The Attorney General’s 2006 Plan for Reform
In the wake of the hiring scandal and criticism from several federal circuit court rulings that sharply criticized the immigration courts, former Attorney General Alberto Gonzalez issued a 22- Point Plan for improving the operation of the immigration courts. It is not the objective of this article to delve deeply into the implementation of all of the entire reform effort, but I will briefly examine some of the positive changes that have emerged from its implementation.
On June 5, 2009, the EOIR produced a fact Sheet detailing measures to improve the EOIR. According to the 2009 Fact Sheet, fifteen of the twenty-two proposed reforms had been enacted. These included: obtaining funding to hire additional immigration judges and field supervisors for immigration courts; drafting an immigration examination for all new judges; installing digital recording services in most, but not all, the immigration court rooms; and producing an online practice manual for the immigration court. The reforms also included training for new judges and additional training for current judges. As of July 2012 no sanctions had been granted to the immigration judges or the judges of the Board of Immigration Appeals (BIA) to hold attorneys or parties in contempt.
The training plans consisted of expanded training for new immigration judges on legal and procedural issues; a mentoring program for new judges; and periodic training on management. For the first time there was a joint legal conference in 2009 for immigration judges and BIA members. A Code of Conduct for Immigration Judges had been implemented in 2011 under the Obama Administration as well as the completion of installation of digital audio recording systems in all of the immigration courtrooms.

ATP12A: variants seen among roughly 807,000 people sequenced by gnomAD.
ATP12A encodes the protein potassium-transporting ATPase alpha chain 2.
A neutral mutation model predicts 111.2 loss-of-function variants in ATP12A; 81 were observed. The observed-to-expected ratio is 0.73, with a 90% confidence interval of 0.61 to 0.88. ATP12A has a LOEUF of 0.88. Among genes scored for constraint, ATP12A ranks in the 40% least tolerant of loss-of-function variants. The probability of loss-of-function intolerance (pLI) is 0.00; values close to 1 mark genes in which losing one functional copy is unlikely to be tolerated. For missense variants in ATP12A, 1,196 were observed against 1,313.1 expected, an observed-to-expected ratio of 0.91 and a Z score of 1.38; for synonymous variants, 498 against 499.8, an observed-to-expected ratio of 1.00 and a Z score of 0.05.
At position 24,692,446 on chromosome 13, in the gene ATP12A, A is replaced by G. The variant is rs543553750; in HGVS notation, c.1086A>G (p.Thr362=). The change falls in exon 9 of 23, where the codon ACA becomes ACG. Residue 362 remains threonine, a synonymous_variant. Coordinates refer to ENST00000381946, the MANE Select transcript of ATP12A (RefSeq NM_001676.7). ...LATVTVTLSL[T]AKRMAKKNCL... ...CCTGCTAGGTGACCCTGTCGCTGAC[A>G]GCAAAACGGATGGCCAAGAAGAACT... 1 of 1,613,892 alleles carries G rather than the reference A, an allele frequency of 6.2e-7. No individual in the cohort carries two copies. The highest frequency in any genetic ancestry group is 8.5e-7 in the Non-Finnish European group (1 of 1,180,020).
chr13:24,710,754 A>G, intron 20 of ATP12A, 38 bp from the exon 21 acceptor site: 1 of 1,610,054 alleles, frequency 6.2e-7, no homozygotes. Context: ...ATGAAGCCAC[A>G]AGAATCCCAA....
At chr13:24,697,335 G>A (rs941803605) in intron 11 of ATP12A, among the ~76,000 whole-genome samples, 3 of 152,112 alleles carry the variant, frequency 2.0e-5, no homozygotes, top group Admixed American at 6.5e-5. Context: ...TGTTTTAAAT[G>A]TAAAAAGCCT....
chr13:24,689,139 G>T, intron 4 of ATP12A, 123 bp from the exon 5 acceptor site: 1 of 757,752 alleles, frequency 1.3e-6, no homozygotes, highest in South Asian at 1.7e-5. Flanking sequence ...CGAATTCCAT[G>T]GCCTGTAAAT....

There is statistical evidence that the reforms have helped. The central finding of a 2009 report on the subject contends that judge-by-judge asylum disparities in the Immigration Courts are down. Court data shows that disparity rates have declined in ten of fifteen immigration courts that decide the bulk of all asylum matters. In New york the disparity rate among judges in Asylum cases has dropped by a quarter and in Miami the range among judges in their denial rates dropped almost two thirds from their previous levels. This indicates that justice is being better served for asylum seekers in these busy immigration courts.
If disparity rates have declined in ten of the fifteen immigration courts that hear the bulk of asylum claims this is real progress toward a fairer and more impartial system. Training for new immigration judges and the judicial mentoring programs have helped many new judges take their cases more seriously. However, this drop in disparity rates may well also be caused by better lawyering in those ten courts where there has been a drop in disparity rates. We know that an applicant has a better chance of succeeding if represented by counsel and so the implementation of the reforms of the 22-point plan may not necessarily be totally responsible for the drop in asylum disparity rates.